For months, no make that over a year, I toiled over every single word, every period, comma, emdash and exclamation point. Should this sentence start with a noun-verb or should I throw in one of those dreaded “ing” words? How many adverbs are in this paragraph? 22? That should be fine. Page 86 has 15 exclamation points. Do you think the reader will understand that Summer Leigh is angry? Maybe not. Add 7 more exclamation points and say “Damn it” a few more times. Don’t want to be ambiguous.
Hours and hours of painstaking creativity. When I finally wrote the words: The End, I opened up a bottle of wine and danced around my living room naked. It was 9 AM and the visiting preacher was slightly shocked, but I didn’t care. The book was FINISHED! Woo hoo!
Then, the next day, I started editing. More hours. More angst. More torment over every word, emotion, subplot, and character arc. I know Summer Leigh better than I know myself. I understand every breath Dwight makes. I know his hopes and dreams and understand his five marriages and five divorces. Personally, I fell in love with Anton. And the cats, Goren and Sipowicz, are a pair of the funniest cat clowns ever. I poured my heart and soul into each character. I created a flawed, but lovable, band of merry men/women.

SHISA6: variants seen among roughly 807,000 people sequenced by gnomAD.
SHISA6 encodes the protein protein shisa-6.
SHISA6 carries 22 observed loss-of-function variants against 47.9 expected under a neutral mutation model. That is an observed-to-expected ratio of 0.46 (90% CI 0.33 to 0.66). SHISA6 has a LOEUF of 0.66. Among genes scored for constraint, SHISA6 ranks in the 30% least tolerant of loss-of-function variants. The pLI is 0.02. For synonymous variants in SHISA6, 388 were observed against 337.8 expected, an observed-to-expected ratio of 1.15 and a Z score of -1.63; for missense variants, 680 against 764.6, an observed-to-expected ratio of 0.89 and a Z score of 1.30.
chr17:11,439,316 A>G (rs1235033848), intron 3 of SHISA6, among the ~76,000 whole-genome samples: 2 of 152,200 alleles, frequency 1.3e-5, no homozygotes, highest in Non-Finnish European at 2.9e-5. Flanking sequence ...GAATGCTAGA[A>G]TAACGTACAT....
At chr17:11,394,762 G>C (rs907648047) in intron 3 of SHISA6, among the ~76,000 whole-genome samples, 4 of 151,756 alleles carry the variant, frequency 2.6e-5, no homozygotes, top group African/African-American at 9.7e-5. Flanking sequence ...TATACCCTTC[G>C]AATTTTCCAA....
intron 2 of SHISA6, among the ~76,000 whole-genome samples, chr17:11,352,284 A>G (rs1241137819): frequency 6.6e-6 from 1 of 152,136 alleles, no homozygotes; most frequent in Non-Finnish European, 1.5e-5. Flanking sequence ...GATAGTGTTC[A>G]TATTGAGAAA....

Here’s where the artistic integrity comes in. When the publisher made suggested changes, my heart fell to the floor and the dogs took it outside and threw it around the yard for an hour or two. CHANGE my characters? Those beautiful, funny, snarky characters?! Rename the cats? Are you insane?!?!?
These thoughts rattled around my befuddled skull for about 3 seconds. Seriously, 3 seconds. The word, published , danced in front of my clouded eyes and I sold out. Who needs a funny sidekick? Who needs cats? Shoot, if they told me to move Summer Leigh to Orlando and make her an accountant for Disney World, I would have. If they suggested that instead of Dwight being a civilian contractor who was injured in Iraq, he should be a crop duster in Honduras, I would’ve been good with that too.
So much for artistic integrity. The way I see it published is published. In five years, when I’m the next Nora Roberts, I can release the book in its original form. Until then, I’ll be happy to sell millions of the revised story.
There’s a really good chance that the publisher of hundreds of romances a year might actually know more about what sells in the genre than I do. 🙂 So, I’ve decided listening to their suggestions is a good idea.